Residential construction recovering after 2009 downturn
Home-building is recovering, albeit slightly, after a downward turn following the 2008 economic crisis.
Residential construction was booming at a rate of about 3,000 single-family homes per year prior to 2005, according to the Alaska Department of Labor and Workforce Development, but the number of new state residents declined by 60 percent by 2009.
That decline reversed after reaching the low point in 2009, and as residential construction picks up, it’s naturally concentrated in Alaska’s two major housing markets: Anchorage and the Matanuska-Susitna Borough.
“Things have certainly slowed down but we’ve stabilized,” said Alaska Department of Labor and Workforce Development Economist Caroline Schultz.
Mat-Su experienced a population growth of more than 59,000 since 2000, according to 2010 U.S. Census data.
This led to more homes being built, and the average home price went up to match.
The Labor Department reports that by 2005, 46 percent of new homes were built in Mat-Su even though it held only 11.2 percent of the state’s population.
Schultz said this was mostly due to more residents living in Mat-Su who work in Anchorage, a continuing trend that looks to have staying power.
Mat-Su also had more than twice the average loan amounts for new construction than the state average, according to the Alaska Housing Finance Corp.
Although the Mat-Su Borough’s new construction still leads the state, new home numbers remain below the peak years.
The borough reports that there were 631 new homes in 2011 compared to 937 homes in 2007. Mat-Su Public Affairs Director Patty Sullivan said that although the number of new homes slowed, it was still growing at a time when many places in the Lower 48 were wracked by foreclosures and collapsing prices.
Unlike Mat-Su, the majority of new residential construction in Anchorage is in the multi-family sector.
The Labor Department reports that less than half of residential construction in Anchorage was for single-family units as opposed to more than 80 percent in the Mat-Su Borough between 2000 and 2010.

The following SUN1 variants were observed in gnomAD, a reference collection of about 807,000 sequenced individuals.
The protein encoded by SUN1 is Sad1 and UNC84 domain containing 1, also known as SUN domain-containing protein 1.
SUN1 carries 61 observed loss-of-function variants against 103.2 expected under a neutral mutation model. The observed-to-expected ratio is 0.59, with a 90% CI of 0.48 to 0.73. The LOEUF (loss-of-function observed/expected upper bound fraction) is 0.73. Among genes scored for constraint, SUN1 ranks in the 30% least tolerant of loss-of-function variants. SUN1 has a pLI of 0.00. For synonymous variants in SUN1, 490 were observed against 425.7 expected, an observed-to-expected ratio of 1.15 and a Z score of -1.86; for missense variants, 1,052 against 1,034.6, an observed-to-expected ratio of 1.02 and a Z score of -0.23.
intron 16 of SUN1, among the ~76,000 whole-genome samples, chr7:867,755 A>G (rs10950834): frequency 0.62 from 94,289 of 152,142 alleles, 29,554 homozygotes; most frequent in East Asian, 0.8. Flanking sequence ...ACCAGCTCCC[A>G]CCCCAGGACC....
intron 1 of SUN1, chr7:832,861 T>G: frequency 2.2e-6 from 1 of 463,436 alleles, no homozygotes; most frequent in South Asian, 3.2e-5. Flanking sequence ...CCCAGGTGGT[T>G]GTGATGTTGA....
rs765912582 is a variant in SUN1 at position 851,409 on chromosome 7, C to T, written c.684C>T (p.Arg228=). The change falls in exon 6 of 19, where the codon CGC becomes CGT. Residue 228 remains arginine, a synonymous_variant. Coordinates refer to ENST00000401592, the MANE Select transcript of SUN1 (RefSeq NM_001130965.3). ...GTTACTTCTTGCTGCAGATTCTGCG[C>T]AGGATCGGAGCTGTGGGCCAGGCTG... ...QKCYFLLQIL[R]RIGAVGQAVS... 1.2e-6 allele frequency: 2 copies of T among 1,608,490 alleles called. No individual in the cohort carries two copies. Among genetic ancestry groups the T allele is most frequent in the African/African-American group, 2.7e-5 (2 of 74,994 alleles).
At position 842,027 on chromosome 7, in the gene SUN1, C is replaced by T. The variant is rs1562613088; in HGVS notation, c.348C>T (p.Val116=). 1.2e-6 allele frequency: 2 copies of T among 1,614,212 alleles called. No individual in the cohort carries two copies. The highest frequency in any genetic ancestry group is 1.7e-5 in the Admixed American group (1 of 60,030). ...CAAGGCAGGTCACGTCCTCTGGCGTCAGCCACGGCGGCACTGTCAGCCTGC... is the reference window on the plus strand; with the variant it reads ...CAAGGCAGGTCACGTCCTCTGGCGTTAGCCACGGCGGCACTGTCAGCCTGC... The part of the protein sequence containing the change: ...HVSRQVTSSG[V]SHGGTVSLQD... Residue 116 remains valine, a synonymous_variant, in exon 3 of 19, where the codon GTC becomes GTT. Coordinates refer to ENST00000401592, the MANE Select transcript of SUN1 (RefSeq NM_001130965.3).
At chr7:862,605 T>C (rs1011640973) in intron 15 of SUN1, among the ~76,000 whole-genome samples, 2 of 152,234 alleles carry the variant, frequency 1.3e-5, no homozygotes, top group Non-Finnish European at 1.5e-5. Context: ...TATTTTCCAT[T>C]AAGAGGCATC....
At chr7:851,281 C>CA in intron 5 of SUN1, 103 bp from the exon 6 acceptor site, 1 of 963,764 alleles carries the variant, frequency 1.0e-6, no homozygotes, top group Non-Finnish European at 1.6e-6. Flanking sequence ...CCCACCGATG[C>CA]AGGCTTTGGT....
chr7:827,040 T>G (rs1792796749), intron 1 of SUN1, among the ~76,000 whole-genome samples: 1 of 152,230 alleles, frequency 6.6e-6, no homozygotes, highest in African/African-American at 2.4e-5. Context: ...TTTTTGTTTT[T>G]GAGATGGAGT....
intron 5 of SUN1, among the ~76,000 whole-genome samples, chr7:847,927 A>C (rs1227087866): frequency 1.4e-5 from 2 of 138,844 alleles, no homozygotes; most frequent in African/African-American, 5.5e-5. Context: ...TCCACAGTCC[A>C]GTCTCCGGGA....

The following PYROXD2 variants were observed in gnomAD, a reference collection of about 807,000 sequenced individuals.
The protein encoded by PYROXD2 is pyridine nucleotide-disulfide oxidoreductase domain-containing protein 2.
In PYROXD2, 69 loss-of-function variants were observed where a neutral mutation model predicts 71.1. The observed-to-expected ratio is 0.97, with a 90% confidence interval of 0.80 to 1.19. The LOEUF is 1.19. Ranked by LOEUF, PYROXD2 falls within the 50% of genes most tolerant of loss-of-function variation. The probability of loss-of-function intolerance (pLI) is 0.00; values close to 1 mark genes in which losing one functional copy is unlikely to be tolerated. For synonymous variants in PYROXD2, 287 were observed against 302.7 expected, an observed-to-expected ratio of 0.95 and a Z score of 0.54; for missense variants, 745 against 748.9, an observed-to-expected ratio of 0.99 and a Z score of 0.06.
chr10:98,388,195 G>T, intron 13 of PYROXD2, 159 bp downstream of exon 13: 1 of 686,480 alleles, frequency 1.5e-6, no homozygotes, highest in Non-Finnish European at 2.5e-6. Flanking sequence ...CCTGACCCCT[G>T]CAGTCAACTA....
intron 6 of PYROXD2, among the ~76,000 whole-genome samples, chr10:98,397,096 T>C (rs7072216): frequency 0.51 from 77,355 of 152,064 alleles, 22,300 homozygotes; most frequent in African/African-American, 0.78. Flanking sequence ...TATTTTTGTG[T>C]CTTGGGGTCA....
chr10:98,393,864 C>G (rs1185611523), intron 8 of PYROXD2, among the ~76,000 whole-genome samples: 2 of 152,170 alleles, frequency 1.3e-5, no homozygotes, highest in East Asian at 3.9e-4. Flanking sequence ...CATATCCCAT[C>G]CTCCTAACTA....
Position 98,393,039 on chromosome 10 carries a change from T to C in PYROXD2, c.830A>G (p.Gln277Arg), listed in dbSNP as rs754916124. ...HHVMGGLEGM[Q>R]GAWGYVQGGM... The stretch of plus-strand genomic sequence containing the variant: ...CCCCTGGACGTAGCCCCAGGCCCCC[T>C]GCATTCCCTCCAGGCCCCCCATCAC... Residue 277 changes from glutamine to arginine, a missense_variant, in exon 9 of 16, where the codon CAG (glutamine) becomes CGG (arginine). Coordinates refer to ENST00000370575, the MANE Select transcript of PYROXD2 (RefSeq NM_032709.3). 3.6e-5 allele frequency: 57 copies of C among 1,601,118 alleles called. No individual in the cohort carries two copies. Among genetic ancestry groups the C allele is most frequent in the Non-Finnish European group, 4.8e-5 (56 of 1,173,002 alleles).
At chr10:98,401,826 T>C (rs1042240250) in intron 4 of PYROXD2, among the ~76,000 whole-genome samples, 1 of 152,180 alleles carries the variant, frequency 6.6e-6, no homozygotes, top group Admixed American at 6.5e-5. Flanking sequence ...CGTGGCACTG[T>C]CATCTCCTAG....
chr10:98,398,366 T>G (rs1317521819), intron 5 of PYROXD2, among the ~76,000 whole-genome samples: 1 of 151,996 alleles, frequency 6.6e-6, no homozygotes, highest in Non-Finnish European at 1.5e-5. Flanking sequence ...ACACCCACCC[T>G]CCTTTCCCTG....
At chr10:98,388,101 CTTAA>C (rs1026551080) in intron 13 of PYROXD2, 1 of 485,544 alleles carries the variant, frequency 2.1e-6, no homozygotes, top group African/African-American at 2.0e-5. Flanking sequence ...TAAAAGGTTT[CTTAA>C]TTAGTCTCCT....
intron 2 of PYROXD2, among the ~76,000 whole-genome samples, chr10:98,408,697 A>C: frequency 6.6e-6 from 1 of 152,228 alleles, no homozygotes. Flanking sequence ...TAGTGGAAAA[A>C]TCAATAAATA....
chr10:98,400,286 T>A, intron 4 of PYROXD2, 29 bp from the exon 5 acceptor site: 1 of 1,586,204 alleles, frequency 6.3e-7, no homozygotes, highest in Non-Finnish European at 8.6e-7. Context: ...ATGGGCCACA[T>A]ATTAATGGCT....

Schultz said Anchorage’s decline could partially tie in to the Mat-Su Valley’s boom because more people may be living there. Mat-Su also has more land availability.
Vicki Portwood, executive officer for the Anchorage Home Builders Association and the Alaska State Home Building Association, said Anchorage had been pretty flat in terms of permits but things are trending upward this year.
Portwood said one reason new homes declined after the economic downturn was because even though Alaska wasn’t hit as hard as other places, the worry was still there and customers would look but not buy.
Portwood said things still look good for the rest of the year. She said people are starting to invest more in homes because the economy looks stable enough to spend money and that Alaska is a very credit-worthy state.
“We feel folks have decided to not sit on their money,” she said.
Anchorage permit applications for housing are slowly rising. Permit applications took a sharp dive in 2006 with 525 single-family homes, 72 duplexes and 59 multi-family units.
The previous year had 673, 188 and 89 applications, respectively, for single-family, duplex and multi-family units.
After the economic downturn, applications increased slightly in 2010, and new multi-family units in Anchorage helped build the average sales price for new construction of all building types by 27 percent in the second half of 2011.
As home-building dropped after 2005, construction employment went down by 2,500 jobs. The Labor Department states this was the biggest decline in construction employment since the recession in the mid-1980s.
“Overall, building activity has been declining over the past few years and sales prices statewide have been nominally stable but declining once adjusted for inflation,” Schultz said. “Building activity has likely already bottomed out, however, and I imagine it will slowly pick up as long as Alaska’s economy keeps doing well.”
Portwood said the market looks good while builders and subcontractors report that they’re busy.
“We’re really psyched about this year,” she said.
Last year ended with 233 new home permits and 925 remodeling permits. This was a smaller number of both permits than in 2010.
“We were very concerned in 2012 if we would see same numbers and we’re happy to say they’re up,” Portwood said.
Mat-Su had 667 single-family units and 35 multiple-family units.
The Alaska Housing Finance Corp. reports that loan volume on new construction statewide fell $15 million, or 11 percent, in the second half of 2011.
Building permits can be difficult to quantify in several parts of the state where such permits aren’t required. Portwood said new phone hookups were once used to gauge such areas but that has become unreliable as more homes opt for strictly cell phones.